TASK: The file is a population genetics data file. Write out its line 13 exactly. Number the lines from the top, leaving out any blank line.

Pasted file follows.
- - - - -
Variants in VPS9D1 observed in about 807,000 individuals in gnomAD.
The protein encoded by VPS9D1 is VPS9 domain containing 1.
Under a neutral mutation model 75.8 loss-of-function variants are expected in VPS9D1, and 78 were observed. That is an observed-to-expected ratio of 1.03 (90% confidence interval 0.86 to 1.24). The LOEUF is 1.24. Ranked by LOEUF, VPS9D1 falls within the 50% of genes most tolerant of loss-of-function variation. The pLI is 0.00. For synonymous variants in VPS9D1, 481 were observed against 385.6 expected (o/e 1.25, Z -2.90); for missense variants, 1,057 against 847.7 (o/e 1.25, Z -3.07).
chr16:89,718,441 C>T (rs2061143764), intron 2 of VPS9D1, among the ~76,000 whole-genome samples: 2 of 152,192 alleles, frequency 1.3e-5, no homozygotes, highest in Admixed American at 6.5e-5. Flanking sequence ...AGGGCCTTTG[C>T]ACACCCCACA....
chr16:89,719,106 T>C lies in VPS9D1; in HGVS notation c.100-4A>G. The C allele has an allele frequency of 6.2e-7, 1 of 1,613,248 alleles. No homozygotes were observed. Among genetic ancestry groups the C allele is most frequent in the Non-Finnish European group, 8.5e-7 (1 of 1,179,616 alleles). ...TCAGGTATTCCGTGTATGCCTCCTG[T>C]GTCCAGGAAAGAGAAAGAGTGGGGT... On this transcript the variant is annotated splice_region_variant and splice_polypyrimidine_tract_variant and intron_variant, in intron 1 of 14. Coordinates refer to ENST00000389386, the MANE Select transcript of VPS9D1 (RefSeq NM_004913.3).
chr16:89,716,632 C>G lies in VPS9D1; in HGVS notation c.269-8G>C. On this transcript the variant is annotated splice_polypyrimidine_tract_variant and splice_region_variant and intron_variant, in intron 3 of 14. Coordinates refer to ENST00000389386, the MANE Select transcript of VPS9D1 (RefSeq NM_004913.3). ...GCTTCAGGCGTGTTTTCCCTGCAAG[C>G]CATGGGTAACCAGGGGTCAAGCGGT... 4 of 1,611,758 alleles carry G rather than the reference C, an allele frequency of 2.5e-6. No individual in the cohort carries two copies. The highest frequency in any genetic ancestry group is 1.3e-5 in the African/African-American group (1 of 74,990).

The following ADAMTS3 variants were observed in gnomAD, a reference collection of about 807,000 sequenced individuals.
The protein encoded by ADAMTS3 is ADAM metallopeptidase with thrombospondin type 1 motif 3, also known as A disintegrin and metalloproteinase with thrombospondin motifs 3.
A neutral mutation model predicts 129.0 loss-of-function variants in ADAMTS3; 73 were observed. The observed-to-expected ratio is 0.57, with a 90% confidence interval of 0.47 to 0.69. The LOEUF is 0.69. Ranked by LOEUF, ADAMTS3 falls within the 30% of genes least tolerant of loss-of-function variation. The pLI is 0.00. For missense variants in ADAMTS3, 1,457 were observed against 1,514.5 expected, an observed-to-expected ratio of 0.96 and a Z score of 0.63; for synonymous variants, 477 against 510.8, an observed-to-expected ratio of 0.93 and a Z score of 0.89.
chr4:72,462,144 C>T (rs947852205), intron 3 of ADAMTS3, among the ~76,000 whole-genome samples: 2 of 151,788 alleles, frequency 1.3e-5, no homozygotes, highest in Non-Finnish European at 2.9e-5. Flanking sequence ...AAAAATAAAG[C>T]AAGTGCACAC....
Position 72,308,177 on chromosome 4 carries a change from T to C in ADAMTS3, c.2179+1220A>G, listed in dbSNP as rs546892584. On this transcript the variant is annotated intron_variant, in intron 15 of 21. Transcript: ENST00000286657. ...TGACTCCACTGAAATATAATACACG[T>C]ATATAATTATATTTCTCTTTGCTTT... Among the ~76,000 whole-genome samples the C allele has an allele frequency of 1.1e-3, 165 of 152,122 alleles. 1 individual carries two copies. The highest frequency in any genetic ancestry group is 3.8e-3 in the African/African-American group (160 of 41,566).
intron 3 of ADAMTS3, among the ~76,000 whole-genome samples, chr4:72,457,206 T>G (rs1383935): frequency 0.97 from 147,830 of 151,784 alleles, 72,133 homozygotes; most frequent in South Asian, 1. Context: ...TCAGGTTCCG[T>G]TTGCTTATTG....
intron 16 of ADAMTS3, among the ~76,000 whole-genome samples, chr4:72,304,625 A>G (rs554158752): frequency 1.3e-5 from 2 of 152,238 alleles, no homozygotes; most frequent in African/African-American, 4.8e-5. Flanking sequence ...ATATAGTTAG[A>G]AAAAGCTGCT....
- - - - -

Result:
intron 16 of ADAMTS3, among the ~76,000 whole-genome samples, chr4:72,304,625 A>G (rs554158752): frequency 1.3e-5 from 2 of 152,238 alleles, no homozygotes; most frequent in African/African-American, 4.8e-5. Flanking sequence ...ATATAGTTAG[A>G]AAAAGCTGCT....